I feel a little like the lower red bird in this picture: “WTF?” This is definitely the hardest Liberty puzzle I’ve done in my decade of doing them. And in a way, the most fun, because it is so hard. It’s several dozen (feels like a hundred) tiny puzzles in one. I’m grateful to know a little bit about birds of paradises, the many tropical habitats and the myriad birds that inhabit them. I know what a rhea and a cassowary look like, that hornbill species have various styles of keratinous casques on top of their bills, that many wild pheasants resemble their domestic counterparts with more flamboyant colors, that there are several varieties of actual ‘birds of paradise,’ and so on. So matching birds to their names was not as challenging as it might have been. Naturally, I’m using Seymour’s Rule, in which I look well at the box top once, and never again. My strategy for this puzzle has been this:
First, to piece together the main title, ‘Birds of the Tropics.’ After putting together the title three nights ago, my next step was to pull out all pieces with bits of bird names on them, and piecing those together. This puzzle is a compilation of trading cards published c. 1889 for Allen and Ginter cigarettes, by a tobacco company in Richmond, Virginia. This came as a surprise to me when I looked it up. I’m glad I did–it gave me a clue to the Tropic Bird, which has til just now been only a title, widely separated on the table from its swooping white image.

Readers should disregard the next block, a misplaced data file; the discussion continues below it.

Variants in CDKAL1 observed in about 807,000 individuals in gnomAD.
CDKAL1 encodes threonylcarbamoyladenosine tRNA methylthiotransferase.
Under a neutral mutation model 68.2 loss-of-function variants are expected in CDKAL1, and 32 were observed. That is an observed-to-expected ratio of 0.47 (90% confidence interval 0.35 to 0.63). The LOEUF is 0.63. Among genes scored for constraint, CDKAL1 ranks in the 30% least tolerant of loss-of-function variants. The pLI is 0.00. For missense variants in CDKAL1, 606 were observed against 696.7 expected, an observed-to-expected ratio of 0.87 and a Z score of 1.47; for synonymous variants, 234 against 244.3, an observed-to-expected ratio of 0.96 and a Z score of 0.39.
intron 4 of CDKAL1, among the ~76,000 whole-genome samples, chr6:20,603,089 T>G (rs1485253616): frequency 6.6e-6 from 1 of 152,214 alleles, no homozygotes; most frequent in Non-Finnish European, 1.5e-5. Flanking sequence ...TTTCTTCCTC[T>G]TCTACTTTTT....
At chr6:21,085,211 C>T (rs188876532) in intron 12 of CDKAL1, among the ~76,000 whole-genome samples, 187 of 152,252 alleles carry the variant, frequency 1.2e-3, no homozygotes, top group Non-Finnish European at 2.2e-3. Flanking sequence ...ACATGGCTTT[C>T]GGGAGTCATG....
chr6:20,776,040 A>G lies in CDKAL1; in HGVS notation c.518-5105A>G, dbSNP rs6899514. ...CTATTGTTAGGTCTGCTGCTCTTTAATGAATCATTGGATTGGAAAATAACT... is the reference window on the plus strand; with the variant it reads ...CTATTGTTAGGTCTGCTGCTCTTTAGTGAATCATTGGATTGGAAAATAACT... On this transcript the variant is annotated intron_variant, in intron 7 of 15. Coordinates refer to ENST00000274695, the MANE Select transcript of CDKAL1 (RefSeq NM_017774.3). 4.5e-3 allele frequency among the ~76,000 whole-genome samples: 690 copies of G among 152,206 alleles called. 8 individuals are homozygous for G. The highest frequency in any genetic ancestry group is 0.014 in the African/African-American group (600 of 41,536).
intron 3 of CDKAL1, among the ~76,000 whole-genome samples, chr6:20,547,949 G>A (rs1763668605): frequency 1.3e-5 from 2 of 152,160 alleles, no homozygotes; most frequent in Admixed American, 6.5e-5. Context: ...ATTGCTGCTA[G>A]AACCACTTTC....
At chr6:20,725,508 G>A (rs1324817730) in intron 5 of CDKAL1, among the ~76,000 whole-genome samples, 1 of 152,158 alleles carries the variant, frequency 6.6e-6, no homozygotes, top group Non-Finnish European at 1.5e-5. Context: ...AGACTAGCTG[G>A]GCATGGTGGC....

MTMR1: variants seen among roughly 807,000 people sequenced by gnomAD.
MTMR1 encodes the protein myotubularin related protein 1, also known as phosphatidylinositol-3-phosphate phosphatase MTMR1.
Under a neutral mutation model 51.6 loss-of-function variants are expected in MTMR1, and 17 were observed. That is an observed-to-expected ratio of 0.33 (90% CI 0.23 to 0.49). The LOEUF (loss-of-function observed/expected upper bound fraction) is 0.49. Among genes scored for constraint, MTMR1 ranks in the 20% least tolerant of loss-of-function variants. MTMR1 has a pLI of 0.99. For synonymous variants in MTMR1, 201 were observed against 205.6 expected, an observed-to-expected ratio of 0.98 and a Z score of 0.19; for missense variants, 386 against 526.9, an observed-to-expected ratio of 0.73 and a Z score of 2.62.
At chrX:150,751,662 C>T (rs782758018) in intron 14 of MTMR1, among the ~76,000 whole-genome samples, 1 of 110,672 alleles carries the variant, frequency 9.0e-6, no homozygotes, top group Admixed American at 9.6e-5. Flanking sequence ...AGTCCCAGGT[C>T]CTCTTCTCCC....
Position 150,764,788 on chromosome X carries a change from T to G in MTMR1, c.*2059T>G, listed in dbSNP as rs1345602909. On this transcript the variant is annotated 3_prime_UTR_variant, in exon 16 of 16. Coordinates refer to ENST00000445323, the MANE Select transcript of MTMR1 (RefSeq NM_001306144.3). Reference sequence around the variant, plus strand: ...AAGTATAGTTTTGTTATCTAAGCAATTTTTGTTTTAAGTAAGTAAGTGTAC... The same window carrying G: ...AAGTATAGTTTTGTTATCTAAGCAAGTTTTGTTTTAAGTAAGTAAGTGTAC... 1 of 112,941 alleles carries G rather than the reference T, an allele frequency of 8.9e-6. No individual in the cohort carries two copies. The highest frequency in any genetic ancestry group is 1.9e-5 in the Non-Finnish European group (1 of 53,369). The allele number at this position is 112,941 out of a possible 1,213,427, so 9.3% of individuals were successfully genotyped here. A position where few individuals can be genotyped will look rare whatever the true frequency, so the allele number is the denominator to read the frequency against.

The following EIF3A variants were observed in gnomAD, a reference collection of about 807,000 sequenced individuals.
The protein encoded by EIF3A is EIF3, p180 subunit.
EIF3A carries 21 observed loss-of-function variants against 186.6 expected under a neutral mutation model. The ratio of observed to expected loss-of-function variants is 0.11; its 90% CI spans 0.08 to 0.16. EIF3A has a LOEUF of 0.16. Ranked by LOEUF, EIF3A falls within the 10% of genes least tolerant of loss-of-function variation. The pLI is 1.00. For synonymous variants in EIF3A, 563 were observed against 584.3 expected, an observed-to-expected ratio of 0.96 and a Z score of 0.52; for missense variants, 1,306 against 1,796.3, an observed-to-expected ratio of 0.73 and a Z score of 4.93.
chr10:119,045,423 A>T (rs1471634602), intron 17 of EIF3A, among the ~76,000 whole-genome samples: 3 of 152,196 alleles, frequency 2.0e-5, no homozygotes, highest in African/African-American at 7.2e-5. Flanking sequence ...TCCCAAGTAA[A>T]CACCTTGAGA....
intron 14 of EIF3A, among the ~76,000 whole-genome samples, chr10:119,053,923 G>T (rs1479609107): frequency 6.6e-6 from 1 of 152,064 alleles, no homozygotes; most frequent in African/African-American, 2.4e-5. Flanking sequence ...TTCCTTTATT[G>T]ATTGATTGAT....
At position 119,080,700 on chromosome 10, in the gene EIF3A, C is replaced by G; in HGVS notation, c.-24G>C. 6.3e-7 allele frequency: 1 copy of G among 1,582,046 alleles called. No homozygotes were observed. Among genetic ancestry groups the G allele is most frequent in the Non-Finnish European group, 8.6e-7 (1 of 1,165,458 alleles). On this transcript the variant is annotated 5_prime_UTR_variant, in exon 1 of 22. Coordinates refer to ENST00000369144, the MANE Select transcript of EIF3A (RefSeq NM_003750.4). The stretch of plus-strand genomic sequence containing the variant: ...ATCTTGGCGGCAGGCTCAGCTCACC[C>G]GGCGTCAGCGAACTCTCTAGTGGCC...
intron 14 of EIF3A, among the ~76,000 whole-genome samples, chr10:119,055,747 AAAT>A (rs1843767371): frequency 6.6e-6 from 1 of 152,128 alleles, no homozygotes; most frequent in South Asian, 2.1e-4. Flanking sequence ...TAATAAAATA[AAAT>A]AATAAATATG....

Noticing a lot of reds, I decided to group all pieces with even a speck of red in them, and begin to build birds onto their names red first.
Some of the reds don’t belong to bird cards, but to a few vignettes scattered throughout. It’s taken two days of balancing between concerted focus and intermittent play to get most of the bird cards started, and only a few of them completed. I’ve stalled on the red strategy but not given up on it; meanwhile, I’ve branched out to yellows and dark blues, and am also constantly scanning for particular shapes that stand out. Many of the birds are represented not only by their colorful images, but also by a whimsy piece the shape of the bird.